Bland was born in October 1848, the son of Frederick Bland and Nancy Yates Bland. He was born a slave, probably in Dinwiddie County. After the American Civil War (1861–1865) the family resided in Petersburg, where his father was a shoemaker and a preacher, although apparently never the pastor of his own church. Bland learned the shoemaker's trade working with his father and probably also attended one of the local night schools organized by northerners for blacks. On December 18, 1872, he married Nancy Jones, of Petersburg. Their nine children included two sons and four daughters who survived him.
The Readjusters in Prince George organized on October 9 without naming their own candidate to represent Prince George and Surry counties in the House of Delegates. Instead, they threw their support to Bland, the Republican candidate. Meanwhile the Funders unsuccessfully tried to nominate several men before Robert E. Bland, the white incumbent, finally agreed to run less than a week before the election.
On October 17, 1879, E. D. Bland joined Mahone and others on the speaker's platform at a Readjuster barbecue in Prince George County. Three days later county Republicans, disgruntled by Bland's Readjuster apostasy, called for his removal as the party's nominee. Bland marshaled his supporters for the meeting that ensued at the courthouse on October 29. Amid so much confusion and crowding that a voice vote could not be taken, everyone went outside to line up for or against Bland. So many men went to his side that his opponents did not bother to form ranks.
Bland and the other ten African American Republicans elected to the House of Delegates in 1879 held the balance of power between the Funders and Readjusters. Their votes gave the Readjusters control of the legislature and sent Mahone to the U.S. Senate, but the coalition remained shaky. White Readjusters failed to back measures that the blacks introduced, and they, in turn, remained loyal to the national Republican Party. Bland served on the Committees on Executive Expenditures and on Schools and Colleges.
Bland continued to live in Prince George County and moved from City Point to a farm about the turn of the century. He suffered from chronic nephritis during his last years and died on February 13, 1927. Because the local church had recently burned, his large funeral took place at Gillfield Baptist Church in Petersburg, and he was buried at Providence Cemetery, since renamed People's Memorial Cemetery, in that city. A housing project in Hopewell, opened in December 1954, was named the Edward D. Bland Courts in his memory.
October 1848 - Edward David Bland is born enslaved, probably in Dinwiddie County, the son of Frederick Bland and Nancy Yates Bland.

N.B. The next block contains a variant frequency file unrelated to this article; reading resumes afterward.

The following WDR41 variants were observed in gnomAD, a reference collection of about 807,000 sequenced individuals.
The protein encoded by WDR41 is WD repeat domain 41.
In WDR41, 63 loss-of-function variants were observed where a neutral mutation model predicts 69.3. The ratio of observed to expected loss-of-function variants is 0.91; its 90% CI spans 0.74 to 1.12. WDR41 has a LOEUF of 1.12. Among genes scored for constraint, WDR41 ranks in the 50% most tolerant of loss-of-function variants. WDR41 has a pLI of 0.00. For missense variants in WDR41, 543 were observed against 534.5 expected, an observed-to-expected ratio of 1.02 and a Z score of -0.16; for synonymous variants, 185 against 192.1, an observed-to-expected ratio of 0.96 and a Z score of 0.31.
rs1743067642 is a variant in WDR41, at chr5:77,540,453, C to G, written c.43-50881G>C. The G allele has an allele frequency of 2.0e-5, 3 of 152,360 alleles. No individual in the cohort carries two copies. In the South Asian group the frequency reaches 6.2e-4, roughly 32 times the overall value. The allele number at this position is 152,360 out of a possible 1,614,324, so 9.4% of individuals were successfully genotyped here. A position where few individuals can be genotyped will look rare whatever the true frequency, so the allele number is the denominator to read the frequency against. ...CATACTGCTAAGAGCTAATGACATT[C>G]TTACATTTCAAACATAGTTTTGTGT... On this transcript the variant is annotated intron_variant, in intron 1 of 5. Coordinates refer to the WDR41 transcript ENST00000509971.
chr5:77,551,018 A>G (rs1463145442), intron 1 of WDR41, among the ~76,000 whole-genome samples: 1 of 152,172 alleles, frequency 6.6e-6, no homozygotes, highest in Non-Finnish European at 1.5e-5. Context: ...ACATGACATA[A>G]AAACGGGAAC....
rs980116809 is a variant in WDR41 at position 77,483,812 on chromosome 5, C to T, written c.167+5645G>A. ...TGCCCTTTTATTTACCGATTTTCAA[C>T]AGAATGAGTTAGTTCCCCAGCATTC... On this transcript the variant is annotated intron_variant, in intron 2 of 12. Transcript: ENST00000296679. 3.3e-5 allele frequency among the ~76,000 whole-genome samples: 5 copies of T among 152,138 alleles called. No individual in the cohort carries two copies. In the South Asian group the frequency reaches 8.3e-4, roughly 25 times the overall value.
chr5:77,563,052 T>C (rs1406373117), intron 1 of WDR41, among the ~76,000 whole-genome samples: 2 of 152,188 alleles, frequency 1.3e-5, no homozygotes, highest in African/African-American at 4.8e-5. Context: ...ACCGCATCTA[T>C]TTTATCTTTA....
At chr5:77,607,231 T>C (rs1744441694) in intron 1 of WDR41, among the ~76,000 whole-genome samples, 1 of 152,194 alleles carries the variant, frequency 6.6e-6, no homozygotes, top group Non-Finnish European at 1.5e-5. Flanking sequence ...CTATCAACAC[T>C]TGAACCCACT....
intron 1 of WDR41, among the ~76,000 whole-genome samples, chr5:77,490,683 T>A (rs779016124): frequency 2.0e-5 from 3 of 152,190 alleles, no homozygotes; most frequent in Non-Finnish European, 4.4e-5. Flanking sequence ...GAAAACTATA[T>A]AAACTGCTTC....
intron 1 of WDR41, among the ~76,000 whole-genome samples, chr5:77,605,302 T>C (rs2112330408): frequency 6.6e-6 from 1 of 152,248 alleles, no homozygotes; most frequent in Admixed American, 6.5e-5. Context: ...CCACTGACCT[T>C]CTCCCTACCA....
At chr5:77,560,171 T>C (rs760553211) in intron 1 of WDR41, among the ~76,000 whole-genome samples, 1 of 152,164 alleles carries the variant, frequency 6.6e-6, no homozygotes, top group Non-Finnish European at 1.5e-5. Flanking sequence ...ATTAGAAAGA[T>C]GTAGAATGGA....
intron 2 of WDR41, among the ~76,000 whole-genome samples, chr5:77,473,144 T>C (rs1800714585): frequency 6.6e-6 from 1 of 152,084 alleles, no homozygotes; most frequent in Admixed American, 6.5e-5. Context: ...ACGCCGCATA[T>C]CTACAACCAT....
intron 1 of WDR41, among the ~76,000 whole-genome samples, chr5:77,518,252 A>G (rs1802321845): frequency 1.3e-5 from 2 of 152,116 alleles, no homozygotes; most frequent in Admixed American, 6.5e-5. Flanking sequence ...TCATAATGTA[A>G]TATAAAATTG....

December 18, 1872 - Edward David Bland marries Nancy Jones, of Petersburg.
November 1879 - Edward David Bland, a Republican, defeats the incumbent, Robert E. Bland, to represent Prince George and Surry counties in the House of Delegates.
1880 - Edward David Bland serves as a delegate to the Virginia Republican Party convention and supports the party's national candidates rather than William Mahone's slate of uncommitted electors.
November 1881 - Edward David Bland wins reelection the House of Delegates representing Prince George and Surry counties. His is part of the Readjuster Party coalition.
November 1883 - Edward David Bland wins election to a third term in the House of Delegates representing Prince George and Surry counties.
September 30, 1885 - Edward David Bland, Republican member of the House of Delegates from Prince George and Surry counties, complains to William Mahone about the inaction of Republicans in a neighboring district, contrasting it with his own well-organized district.
September 6, 1887 - Edward David Bland requests William Mahone's support in his run for a fourth term as a member of the House of Delegates representing Prince George and Surry counties. Mahone prefers another man, Goodman Brown, of Surry County, and Bland does not run.
February 13, 1927 - Edward David Bland dies on his farm in Prince George County. He is buried at Providence Cemetery (later People's Memorial Cemetery).
December 1954 - A housing project in Hopewell opens and is named Edward D. Bland Courts in honor of Edward David Bland, an African American member of the House of Delegates after the Civil War.
Cite This Entry
- APA Citation:
Kneebone, J. T., & the Dictionary of Virginia Biography. Edward David Bland (1848–1927). (2013, July 18). In Encyclopedia Virginia. Retrieved from http://www.EncyclopediaVirginia.org/Bland_Edward_David_1848-1927.
- MLA Citation:
Kneebone, John T. and the Dictionary of Virginia Biography. "Edward David Bland (1848–1927)." Encyclopedia Virginia. Virginia Foundation for the Humanities, 18 Jul. 2013. Web. READ_DATE.
First published: June 17, 2013 | Last modified: July 18, 2013